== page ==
Women may be the gatekeepers of the documentary arm of the entertainment industry, but this year marks the first time they have helmed the majority of awards season's high-profile documentaries.
The filmmakers include Irene Taylor Brodsky ("Moonlight Sonata: Deafness in Three Movements"), Petra Costa ("The Edge of Democracy"), Lauren Greenfield ("The Kingmaker"), Barbara Kopple ("Desert One"), Rachel Lears ("Knock Down the House"), Nancy Schwartzman ("Roll Red Roll"), Nanfu Wang and Lynn Zhang ("One Child Nation").
In addition, there are also documentary frontrunners co-directed by women, including "Advocate" (Rachel Leah Jones), "After Parkland" (Emily Taguchi), "American Factory" (Julia Reichert), "For Sama" (Waad Al-Khateab), "The Great Hack" (Jehane Noujaim) and "Honeyland" (Tamara Kotevska).
In late October, when the International Documentary Association announced the nominees for the 35th annual IDA awards, six of the 10 best doc nods and all of the films nominated in the inaugural director category were directed or co-directed by women. Meanwhile, three of the five feature docs nominated for a Gotham Award were directed by women; "American Factory," "Honeyland" and "One Child Nation" received a combined total of 13 Critics' Choice Documentary Awards noms.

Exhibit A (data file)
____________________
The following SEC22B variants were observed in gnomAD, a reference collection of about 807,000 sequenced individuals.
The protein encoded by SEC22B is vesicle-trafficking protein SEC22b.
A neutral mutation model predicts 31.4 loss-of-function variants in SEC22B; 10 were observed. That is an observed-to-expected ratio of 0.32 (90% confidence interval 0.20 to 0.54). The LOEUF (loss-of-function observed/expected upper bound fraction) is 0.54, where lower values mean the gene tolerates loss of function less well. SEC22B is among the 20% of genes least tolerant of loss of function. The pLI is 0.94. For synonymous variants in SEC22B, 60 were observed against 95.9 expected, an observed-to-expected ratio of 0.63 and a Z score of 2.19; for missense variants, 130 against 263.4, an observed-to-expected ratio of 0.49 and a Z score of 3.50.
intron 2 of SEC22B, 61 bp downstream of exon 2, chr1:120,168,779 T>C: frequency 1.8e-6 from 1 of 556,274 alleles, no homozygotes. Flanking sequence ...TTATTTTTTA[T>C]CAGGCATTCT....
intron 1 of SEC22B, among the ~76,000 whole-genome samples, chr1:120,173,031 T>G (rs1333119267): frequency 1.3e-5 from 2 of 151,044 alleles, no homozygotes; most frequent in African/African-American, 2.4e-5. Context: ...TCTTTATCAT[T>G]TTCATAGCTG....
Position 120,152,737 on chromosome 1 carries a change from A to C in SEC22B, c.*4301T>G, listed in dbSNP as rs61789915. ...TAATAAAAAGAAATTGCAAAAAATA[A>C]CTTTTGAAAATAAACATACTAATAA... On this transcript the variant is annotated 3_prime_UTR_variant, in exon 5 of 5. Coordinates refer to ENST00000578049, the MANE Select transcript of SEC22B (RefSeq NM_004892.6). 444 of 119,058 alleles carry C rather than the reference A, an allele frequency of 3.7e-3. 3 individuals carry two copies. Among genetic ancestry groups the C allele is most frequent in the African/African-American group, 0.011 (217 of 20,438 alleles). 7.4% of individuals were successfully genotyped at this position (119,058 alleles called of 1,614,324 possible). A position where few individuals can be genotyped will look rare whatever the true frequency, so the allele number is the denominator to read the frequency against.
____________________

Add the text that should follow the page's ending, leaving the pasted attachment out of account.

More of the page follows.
If a woman garners a documentary feature Academy Award in February, it will mark the fourth time a female nonfiction director has won the trophy in the past 20 years. Earlier this year director Elizabeth Chai Vasarhelyi took home the Oscar for "Free Solo" alongside her co-director Jimmy Chin. In 2015 Laura Poitras took the category prize for "Citizenfour" and in 2005 Zana Briski shared the little gold man with Ross Kauffman for "Born Into Brothels."
But women behind the camera, including an impressive roster of female nonfiction gatekeepers at HBO, Apple, PBS and Netflix, as well as the launch of movements including #MeToo and Time's Up, have not put an end to gender bias in the doc community. According to several prominent female doc filmmakers and producers, gender inequality is still very much alive in the nonfiction workplace.